Bacterial infectious diseases are a major cause of mortality worldwide. The rise in antibiotic resistant infections, coupled with the sharp decline in the discovery of new and clinically useful classes of antibiotics, underscores an urgent need for alternative strategies to combat bacterial infections. Small noncoding RNA pathways have recently been recognized as important regulators of bacterial pathogenesis, and the challenge lies in gaining a detailed understanding of these processes. My research uses the tools of biochemistry and molecular genetics to unravel the mechanisms of small RNA-mediated pathways and enable the development of novel anti-microbial therapeutics.
CRISPR-Cas immunity in pathogenic staphylococci
Horizontal gene transfer (HGT), or the direct exchange of genetic material between two species, is a major driving force behind the evolution of bacterial pathogens. CRISPR-Cas is a bacterial immune system that blocks all modes of HGT; CRISPR-Cas systems use small guide RNAs to identify and destroy bacterial viruses (phages) and prevent the stable incorporation of mobile genetic elements. Residing in nearly all archaea and about half of all sequenced bacteria, these systems exhibit remarkable diversity.
CRISPR-Cas systems are composed of clustered regularly interspaced short palindromic repeats and flanking CRISPR-associated (cas) genes (Figure 1). The CRISPR-Cas immunity pathway involves three steps:
Adaptation, CRISPR RNA (crRNA) biogenesis, and Targeting.
1. During adaptation, viral or plasmid challenge stimulates the incorporation of short (24–48 nucleotide) invader-derived sequences in between equally short DNA repeats found in the CRISPR locus. These unique sequences, called spacers, provide a historical account of past invaders and specify future targets of CRISPR immunity.
2. During crRNA biogenesis, transcription of the CRISPR locus generates a long RNA precursor containing repeats and spacers in one contiguous array. This precursor is processed (ie. cleaved) within repeats to separate individual spacers and liberate mature crRNAs that each define a single nucleic acid target.
3. During targeting, crRNAs assemble with Cas proteins to form a surveillance complex, which destroys invading genetic elements antisense to the crRNA it carries.
Pathogenic staphylococci that are resistant to all known antibiotics have recently emerged in both hospital and community settings. Staphylococci disseminate antibiotic resistance primarily through the horizontal transfer of conjugative plasmids. A clinical isolate, Staphylococcus epidermidis RP62a, harbors a CRISPR-Cas system that targets all sequenced staphylococcal conjugative plasmids, thus providing a physiologically-relevant model in which to study CRISPR-Cas biology. Using this organism, our previous work has made three major contributions toward advancing our understanding of its CRISPR-Cas pathway: 1) the first report of a ruler mechanism that measures crRNAs during their processing steps (Hatoum-Aslan, Maniv, and Marraffini 2011), 2) the discovery of a large ribonucleoprotein complex (termed Cas10/Csm) in which crRNA processing takes place (Hatoum-Aslan et al. 2013), and 3) the establishment of genes and motifs required for CRISPR-Cas immunity that play key roles outside of crRNA processing (Hatoum-Aslan et al. 2014). Our current research focuses on unraveling the regulatory mechanisms of CRISPR-Cas pathways and their impact on staphylococcal virulence. This effort will enable the development of novel therapeutic strategies that use CRISPR-Cas immunity to prevent the spread of antibiotic resistance.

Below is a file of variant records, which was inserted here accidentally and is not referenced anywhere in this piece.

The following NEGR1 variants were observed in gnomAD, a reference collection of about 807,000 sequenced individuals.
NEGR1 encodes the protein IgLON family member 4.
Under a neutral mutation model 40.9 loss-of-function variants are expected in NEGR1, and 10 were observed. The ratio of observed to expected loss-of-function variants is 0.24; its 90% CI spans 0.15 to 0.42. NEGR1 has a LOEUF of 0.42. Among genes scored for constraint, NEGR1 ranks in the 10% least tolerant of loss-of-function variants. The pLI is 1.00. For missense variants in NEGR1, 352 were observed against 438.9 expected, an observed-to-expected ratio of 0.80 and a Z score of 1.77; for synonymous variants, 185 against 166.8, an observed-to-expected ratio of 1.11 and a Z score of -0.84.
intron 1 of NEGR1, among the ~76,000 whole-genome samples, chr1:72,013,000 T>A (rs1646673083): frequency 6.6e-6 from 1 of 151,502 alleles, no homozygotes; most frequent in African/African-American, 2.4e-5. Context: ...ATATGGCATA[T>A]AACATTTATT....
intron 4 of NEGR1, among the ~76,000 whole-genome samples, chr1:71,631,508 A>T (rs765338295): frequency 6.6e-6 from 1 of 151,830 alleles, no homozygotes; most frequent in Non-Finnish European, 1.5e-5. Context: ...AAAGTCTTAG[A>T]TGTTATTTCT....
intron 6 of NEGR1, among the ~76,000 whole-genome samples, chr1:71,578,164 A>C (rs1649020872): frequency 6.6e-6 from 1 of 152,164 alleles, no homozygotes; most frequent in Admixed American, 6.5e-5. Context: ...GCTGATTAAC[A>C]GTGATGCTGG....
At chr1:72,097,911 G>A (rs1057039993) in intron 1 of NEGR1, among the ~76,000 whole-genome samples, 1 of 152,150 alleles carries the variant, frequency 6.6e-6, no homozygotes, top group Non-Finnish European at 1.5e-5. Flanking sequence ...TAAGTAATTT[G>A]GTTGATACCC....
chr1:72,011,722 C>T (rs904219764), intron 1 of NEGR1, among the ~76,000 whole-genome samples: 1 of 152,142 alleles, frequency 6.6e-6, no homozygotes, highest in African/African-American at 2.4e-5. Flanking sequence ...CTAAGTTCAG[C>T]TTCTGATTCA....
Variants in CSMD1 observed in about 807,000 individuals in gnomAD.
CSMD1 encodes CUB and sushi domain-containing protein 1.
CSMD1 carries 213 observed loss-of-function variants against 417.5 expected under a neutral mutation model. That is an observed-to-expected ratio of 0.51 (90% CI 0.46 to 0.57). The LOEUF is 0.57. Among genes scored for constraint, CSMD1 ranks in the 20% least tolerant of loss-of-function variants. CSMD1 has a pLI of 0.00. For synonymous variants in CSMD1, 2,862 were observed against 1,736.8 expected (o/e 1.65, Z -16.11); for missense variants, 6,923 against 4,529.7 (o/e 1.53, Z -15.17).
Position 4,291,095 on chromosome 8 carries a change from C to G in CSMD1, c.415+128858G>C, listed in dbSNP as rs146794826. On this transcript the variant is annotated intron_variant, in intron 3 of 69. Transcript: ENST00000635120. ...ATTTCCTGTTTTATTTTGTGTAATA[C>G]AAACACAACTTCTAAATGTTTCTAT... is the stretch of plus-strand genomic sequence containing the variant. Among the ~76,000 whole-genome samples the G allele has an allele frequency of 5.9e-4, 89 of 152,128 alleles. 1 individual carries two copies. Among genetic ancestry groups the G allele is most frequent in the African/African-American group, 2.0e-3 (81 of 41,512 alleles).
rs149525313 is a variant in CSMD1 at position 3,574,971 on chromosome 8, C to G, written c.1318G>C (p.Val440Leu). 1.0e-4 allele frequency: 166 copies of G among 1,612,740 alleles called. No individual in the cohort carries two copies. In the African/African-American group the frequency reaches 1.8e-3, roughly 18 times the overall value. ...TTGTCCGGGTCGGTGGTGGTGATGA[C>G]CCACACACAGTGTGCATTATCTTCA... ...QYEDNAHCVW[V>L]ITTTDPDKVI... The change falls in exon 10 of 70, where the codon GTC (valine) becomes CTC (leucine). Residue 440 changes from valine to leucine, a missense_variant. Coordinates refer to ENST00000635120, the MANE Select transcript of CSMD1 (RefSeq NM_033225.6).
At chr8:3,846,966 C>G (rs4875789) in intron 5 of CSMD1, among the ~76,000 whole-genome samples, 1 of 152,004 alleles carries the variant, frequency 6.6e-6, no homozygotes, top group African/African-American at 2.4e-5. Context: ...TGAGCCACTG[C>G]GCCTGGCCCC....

Hatoum-Aslan A and Marraffini, LA. (2014). “Impact of CRISPR immunity on the emergence and virulence of bacterial pathogens.” Curr Opin Microbiol, 17, 82-90.
Hatoum-Aslan A, Maniv I, Samai P, and Marraffini, LA. (2014). “Genetic characterization of anti-plasmid immunity by a Type III-A CRISPR-Cas System.” J Bacteriol, 196(2), 310-7.
Hatoum-Aslan A, Samai P, Maniv I, Jiang W, and Marraffini, LA. (2013). “A ruler protein in a complex for antiviral defense determines the length of small interfering CRISPR RNAs.” J Biol Chem, 288(39), 27888-97.
*Highlighted by: Bucci, M. (2013). “A Measure of RNA.”, Nat Chem Biol, 9(12), 754.
Maniv I, Hatoum-Aslan A, and Marraffini, LA. (2013). “CRISPR decoys: competitive inhibitors of CRISPR immunity.” RNA biology, 10(5), 694-9.
Hatoum-Aslan A, Palmer KL, Gilmore MS, and Marraffini LA. (2013). “Type III CRISPR-Cas systems and roles of CRISPR-Cas in Bacterial Virulence.” In R. Barrangou & J. van der Oost (Eds.), CRISPR-Cas Systems. Springer-Verlag Berlin Heidelberg.
Bikard D, Hatoum-Aslan A, Mucida D, and Marraffini LA (2012). “Prevention of horizontal gene transfer during bacterial infection by CRISPR interference”, Cell Host Microbe, 12(2), 177-86.
*Highlighted by: Weinberger AD, Gilmore AS. (2012). “CRISPR-Cas: To take up DNA or not: That is the question.” Cell Host Microbe, 12(2), 125-6.
Hatoum-Aslan A, Maniv I, and Marraffini, LA (2011). “Mature clustered, regularly interspaced, short palindromic repeats RNA (crRNA) length is measured by a ruler mechanism anchored at the precursor processing site”, Proc Natl Acad Sci U S A, 108(52), 21218-21222.
Hatoum A, Roberts JW (2008). “Prevalence of RNA polymerase stalling at E. coli promoters after open complex formation”, Mol Micro, 68(1), 17-28.
*Highlighted by: Artsimovitch I (2008). “Post-initiation control by the initiation factor sigma”, Mol Micro, 68(1), 1-3.
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